My Conference project began with me reflecting on past experiences throughout my life and joking with a few family members about those experiences. I have dyslexia, a language-based learning difference. Growing up, I would often, and still to this day, misread very common signs, logos, or anything with words. The idea of relabeling the things that I misread to how they ‘should be’ spelled to me came about after my final piece in our “Finding a Form” unit. Here, I began to play with text as a way to disrupt the visuals of an image.
My conference proposal consisted of a long list of signs of which I commonly misread and a digitally edited photo, showing a couple of my earlier ideas. It shows a visually distorted “Geek Squad” car, as you can find at any Best Buy, with the text: “Greek Salad”. This first iteration of this concept of relabeling was inspired by one of the stories I was telling and joking about before beginning the conference project. When I was around seven or eight years old I was at a Best Buy with my Dad and asked in the most sincere way I could, “Why does that car say Greek Salad?” I decided to use this story as my first trial of the idea because it is one of my earliest memories of misreading something in this way.
Moving into my first draft, I wanted to move away from solely digital photo editing and experiment with different ways to label. I decided to relabel text using 3 forms, a Polaroid photograph, a physical object, and a digital edited picture, meant to look seamless. To label the polaroid photo and physical found objects, I used a mechanical Dymo label maker. This first draft in this format was of the name and logo, “Stop and Shop.”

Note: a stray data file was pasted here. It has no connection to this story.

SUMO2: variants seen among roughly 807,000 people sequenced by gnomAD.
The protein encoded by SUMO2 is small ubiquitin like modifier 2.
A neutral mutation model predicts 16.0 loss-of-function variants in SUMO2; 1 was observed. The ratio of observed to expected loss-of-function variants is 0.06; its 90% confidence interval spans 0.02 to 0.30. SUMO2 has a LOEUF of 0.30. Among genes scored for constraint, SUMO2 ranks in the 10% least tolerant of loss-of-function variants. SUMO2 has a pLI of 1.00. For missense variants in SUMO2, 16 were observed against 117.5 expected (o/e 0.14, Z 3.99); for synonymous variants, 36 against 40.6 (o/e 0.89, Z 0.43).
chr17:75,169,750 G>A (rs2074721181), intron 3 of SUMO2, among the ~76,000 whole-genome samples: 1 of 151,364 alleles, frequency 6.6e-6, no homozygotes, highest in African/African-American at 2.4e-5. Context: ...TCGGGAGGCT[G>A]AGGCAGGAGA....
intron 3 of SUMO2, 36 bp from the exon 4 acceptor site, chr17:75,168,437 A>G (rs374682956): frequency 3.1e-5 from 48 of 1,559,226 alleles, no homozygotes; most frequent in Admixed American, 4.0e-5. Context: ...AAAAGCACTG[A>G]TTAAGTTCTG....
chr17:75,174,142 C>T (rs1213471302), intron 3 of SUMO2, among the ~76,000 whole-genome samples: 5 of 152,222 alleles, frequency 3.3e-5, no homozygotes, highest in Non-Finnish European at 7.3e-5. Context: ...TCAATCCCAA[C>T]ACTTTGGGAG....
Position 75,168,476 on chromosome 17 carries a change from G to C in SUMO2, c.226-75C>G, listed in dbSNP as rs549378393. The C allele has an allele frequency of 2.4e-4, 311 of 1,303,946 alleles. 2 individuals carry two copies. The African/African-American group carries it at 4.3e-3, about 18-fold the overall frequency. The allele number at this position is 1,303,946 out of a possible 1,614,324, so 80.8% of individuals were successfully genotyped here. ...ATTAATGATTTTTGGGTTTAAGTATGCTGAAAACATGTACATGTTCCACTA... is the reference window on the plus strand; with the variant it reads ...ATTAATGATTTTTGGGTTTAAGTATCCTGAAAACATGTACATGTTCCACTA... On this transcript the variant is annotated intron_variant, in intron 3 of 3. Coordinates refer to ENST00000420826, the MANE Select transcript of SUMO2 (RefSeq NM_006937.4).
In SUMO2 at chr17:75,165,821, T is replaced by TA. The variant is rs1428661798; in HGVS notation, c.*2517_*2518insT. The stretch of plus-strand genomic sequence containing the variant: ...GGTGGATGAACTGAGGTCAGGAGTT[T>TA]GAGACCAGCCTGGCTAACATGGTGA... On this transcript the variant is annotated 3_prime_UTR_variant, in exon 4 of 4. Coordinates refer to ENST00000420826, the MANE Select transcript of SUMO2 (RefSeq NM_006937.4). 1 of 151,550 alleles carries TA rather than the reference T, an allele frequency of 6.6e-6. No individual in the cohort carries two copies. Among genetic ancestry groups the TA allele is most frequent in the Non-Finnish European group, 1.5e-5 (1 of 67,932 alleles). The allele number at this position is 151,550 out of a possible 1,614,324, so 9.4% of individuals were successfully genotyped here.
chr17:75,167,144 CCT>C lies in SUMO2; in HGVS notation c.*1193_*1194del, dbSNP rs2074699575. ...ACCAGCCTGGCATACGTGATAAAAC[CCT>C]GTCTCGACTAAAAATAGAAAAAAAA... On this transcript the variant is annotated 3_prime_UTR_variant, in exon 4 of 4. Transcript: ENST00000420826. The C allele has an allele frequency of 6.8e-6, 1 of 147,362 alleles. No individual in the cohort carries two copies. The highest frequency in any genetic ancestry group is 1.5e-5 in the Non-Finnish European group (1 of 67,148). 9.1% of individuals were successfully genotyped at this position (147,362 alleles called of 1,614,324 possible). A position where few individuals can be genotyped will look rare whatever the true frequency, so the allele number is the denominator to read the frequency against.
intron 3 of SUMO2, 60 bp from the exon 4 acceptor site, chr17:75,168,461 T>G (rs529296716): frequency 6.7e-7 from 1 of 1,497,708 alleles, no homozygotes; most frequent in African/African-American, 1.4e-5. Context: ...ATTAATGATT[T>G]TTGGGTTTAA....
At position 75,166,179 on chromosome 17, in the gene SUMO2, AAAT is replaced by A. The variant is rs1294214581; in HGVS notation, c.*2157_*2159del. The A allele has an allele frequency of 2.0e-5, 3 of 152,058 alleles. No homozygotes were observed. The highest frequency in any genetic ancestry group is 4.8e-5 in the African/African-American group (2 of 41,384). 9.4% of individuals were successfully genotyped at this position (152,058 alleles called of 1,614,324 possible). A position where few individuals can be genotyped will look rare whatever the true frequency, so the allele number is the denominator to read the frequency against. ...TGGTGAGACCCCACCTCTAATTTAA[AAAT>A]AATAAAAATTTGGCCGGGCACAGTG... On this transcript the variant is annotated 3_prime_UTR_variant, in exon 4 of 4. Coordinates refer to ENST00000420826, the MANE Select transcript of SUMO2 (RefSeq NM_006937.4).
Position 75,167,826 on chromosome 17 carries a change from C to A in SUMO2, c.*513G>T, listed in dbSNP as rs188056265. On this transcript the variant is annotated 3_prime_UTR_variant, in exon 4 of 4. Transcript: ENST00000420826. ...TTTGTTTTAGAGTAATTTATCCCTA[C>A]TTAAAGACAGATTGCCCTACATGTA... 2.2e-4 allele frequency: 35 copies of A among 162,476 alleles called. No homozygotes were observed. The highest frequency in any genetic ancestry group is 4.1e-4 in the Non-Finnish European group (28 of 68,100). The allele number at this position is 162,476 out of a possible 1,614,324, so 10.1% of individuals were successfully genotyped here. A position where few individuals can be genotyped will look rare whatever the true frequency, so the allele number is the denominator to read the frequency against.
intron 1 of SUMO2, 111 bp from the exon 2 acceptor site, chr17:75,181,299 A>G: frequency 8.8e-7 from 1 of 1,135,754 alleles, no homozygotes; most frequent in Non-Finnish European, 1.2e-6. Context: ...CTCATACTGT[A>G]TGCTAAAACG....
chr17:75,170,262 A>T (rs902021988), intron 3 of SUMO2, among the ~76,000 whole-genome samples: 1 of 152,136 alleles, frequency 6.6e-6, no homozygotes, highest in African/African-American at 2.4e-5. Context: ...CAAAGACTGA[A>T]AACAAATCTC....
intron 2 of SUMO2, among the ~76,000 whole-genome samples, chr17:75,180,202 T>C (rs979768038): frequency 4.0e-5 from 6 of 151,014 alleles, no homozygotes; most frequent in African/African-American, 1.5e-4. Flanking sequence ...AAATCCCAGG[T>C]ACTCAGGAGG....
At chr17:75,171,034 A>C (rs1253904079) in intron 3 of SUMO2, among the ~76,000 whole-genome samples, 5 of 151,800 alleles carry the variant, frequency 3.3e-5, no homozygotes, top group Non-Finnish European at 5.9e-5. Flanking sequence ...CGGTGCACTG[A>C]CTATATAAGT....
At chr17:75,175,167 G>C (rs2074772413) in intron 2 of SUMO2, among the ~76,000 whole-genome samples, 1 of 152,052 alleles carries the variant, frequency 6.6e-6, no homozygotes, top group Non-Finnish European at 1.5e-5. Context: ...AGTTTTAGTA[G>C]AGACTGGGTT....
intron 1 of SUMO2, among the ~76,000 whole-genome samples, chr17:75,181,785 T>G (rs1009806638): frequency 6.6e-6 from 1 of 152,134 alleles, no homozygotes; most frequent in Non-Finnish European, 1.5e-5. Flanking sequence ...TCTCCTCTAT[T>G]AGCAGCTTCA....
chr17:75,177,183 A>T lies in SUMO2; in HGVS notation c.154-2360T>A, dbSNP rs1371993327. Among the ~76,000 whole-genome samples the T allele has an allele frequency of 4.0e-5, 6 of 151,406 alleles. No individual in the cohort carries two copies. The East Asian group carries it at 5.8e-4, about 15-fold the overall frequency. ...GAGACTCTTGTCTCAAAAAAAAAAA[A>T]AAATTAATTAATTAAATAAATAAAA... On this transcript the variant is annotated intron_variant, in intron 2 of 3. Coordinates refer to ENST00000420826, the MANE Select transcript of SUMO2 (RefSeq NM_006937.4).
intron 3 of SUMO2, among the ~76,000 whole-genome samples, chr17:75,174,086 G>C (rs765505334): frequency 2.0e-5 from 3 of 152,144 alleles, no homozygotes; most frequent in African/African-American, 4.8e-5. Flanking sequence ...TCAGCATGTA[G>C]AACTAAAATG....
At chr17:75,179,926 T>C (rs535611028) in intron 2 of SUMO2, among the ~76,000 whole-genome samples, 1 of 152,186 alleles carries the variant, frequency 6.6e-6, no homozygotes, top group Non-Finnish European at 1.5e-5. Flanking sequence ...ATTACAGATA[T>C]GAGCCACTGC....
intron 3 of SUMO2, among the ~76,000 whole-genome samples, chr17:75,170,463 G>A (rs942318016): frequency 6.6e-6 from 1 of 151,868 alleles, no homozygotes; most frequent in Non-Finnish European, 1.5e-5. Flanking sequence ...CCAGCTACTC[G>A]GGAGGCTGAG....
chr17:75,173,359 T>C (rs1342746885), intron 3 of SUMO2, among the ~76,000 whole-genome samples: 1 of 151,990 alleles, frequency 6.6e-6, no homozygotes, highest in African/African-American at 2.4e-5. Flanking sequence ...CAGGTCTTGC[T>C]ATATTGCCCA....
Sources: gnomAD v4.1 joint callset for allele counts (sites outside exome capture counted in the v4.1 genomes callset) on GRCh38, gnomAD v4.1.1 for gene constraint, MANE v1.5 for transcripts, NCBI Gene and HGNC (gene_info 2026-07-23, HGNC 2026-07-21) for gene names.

My second draft was of the words “State Park.” While it is very common to see a sign on the side of the highway that says “2 miles: Harriman State Park”, I more often than not will read the sign as saying “Skate Park.”
During each of my in-class critiques, each person had their preference on which of my forms was strongest, yet the overall understanding of the project was consistent. Going into Critique Week and my external crit with John O’Connor, I was facing the difficult decision of how I wanted to present this work in its final form. One question John had asked which led me to narrow down my ideas was “how do these pieces transform?” In other words, where are going? These questions allowed me to take a step away from the work and think deeper about my reading process, and more specifically how I process information.
In an effort to create a physical and visual illustration of how I process language, I revisited the labeled Polaroid photos of my drafts one and two and took additional Polaroids of those pictures. The new pictures were then to be labeled and photographed, repeating the process until there is a result of four Polaroids each with its own unique, evolving label.
The first attempt at this idea was fairly successful and received well. The only primary issue was a large bright glare created by the flash of my camera. I attempted to improve this for my final draft but was unable to completely remove the glare.
The final draft of this work did a good job illustrating my reading process. When seeing a word or a sign, I have an initial idea as to what it says, but must read it again to make sense of the word. In each layer added and photo taken, the time it takes for the Polaroid to develop represents the time it takes for me to process the visual information I am given. Creating the label letter for letter represents the process of putting those letters in context with each other.